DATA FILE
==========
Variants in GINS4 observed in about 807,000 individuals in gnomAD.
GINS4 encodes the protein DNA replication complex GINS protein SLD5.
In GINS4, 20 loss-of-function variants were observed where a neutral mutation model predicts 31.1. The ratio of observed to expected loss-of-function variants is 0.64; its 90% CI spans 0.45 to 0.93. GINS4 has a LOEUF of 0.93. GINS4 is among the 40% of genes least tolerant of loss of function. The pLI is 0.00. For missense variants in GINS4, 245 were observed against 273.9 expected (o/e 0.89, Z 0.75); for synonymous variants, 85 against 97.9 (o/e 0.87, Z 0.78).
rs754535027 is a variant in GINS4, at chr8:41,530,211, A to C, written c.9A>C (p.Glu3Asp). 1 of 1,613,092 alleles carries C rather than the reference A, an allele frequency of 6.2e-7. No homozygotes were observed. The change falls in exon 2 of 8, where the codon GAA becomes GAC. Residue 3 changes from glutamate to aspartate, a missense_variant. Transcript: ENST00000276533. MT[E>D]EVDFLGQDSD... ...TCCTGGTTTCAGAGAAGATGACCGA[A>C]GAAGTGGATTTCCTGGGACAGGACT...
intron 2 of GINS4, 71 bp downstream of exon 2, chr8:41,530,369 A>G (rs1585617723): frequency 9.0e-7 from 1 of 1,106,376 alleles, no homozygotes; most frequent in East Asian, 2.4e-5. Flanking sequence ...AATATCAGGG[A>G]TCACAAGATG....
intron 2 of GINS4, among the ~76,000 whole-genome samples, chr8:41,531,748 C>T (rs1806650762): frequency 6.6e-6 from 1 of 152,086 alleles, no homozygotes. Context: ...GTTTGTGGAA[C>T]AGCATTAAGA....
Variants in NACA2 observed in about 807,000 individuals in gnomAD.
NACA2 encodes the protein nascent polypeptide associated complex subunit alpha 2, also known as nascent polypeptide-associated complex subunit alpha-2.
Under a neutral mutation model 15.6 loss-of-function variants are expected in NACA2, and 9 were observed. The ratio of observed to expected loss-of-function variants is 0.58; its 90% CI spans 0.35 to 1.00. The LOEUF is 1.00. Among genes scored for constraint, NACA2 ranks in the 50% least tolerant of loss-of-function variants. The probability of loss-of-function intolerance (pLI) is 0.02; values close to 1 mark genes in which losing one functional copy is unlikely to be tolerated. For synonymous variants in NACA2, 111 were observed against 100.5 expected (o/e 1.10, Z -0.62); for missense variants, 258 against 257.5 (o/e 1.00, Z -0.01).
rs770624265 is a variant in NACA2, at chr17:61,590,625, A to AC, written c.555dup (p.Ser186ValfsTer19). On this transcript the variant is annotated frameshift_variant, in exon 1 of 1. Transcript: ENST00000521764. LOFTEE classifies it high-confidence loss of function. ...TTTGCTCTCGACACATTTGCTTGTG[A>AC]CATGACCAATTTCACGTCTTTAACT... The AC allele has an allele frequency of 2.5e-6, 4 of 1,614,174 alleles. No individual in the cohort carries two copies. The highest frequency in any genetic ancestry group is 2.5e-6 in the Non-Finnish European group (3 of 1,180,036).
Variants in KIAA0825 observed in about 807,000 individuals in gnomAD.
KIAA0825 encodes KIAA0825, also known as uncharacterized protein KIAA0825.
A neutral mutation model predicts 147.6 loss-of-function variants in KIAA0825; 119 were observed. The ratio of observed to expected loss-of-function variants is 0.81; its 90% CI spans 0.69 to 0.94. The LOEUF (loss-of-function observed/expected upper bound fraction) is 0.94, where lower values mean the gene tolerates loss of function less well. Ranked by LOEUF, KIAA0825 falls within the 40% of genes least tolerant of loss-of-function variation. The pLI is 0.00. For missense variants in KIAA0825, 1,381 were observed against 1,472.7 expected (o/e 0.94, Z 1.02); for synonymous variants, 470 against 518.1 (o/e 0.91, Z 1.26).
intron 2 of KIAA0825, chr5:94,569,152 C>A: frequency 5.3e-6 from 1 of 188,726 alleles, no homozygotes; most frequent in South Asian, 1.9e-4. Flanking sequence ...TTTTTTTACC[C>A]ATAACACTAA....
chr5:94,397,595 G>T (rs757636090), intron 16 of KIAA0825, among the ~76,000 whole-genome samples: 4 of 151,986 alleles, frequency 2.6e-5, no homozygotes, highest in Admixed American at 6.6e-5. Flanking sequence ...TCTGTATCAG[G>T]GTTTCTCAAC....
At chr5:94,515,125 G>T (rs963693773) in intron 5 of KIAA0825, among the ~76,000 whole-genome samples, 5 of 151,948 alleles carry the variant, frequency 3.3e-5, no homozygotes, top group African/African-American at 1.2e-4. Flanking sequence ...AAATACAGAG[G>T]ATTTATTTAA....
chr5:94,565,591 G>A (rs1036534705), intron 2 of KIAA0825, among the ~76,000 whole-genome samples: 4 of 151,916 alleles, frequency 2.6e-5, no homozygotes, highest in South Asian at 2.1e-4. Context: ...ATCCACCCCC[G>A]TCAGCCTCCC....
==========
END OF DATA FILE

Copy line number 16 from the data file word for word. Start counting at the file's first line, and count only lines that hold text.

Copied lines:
At chr5:94,515,125 G>T (rs963693773) in intron 5 of KIAA0825, among the ~76,000 whole-genome samples, 5 of 151,948 alleles carry the variant, frequency 3.3e-5, no homozygotes, top group African/African-American at 1.2e-4. Flanking sequence ...AAATACAGAG[G>T]ATTTATTTAA....